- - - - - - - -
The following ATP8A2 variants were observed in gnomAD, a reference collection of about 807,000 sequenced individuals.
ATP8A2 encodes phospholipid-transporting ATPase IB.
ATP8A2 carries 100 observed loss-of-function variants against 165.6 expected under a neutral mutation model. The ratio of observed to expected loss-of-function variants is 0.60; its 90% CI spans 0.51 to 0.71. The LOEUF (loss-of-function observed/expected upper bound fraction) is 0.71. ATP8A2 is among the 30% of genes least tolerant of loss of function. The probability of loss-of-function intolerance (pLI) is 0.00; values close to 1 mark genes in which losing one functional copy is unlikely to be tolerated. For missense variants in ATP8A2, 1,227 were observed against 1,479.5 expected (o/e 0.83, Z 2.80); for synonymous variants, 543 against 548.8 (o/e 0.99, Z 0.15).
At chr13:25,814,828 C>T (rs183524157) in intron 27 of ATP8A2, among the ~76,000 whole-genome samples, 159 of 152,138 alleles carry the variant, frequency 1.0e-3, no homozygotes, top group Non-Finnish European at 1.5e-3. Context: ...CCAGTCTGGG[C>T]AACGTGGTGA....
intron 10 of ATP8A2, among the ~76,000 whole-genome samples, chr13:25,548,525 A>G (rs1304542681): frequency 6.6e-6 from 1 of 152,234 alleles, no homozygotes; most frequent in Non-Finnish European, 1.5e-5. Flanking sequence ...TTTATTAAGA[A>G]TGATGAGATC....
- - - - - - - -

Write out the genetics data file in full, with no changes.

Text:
The following ATP8A2 variants were observed in gnomAD, a reference collection of about 807,000 sequenced individuals.
ATP8A2 encodes phospholipid-transporting ATPase IB.
ATP8A2 carries 100 observed loss-of-function variants against 165.6 expected under a neutral mutation model. The ratio of observed to expected loss-of-function variants is 0.60; its 90% CI spans 0.51 to 0.71. The LOEUF (loss-of-function observed/expected upper bound fraction) is 0.71. ATP8A2 is among the 30% of genes least tolerant of loss of function. The probability of loss-of-function intolerance (pLI) is 0.00; values close to 1 mark genes in which losing one functional copy is unlikely to be tolerated. For missense variants in ATP8A2, 1,227 were observed against 1,479.5 expected (o/e 0.83, Z 2.80); for synonymous variants, 543 against 548.8 (o/e 0.99, Z 0.15).
At chr13:25,814,828 C>T (rs183524157) in intron 27 of ATP8A2, among the ~76,000 whole-genome samples, 159 of 152,138 alleles carry the variant, frequency 1.0e-3, no homozygotes, top group Non-Finnish European at 1.5e-3. Context: ...CCAGTCTGGG[C>T]AACGTGGTGA....
intron 10 of ATP8A2, among the ~76,000 whole-genome samples, chr13:25,548,525 A>G (rs1304542681): frequency 6.6e-6 from 1 of 152,234 alleles, no homozygotes; most frequent in Non-Finnish European, 1.5e-5. Flanking sequence ...TTTATTAAGA[A>G]TGATGAGATC....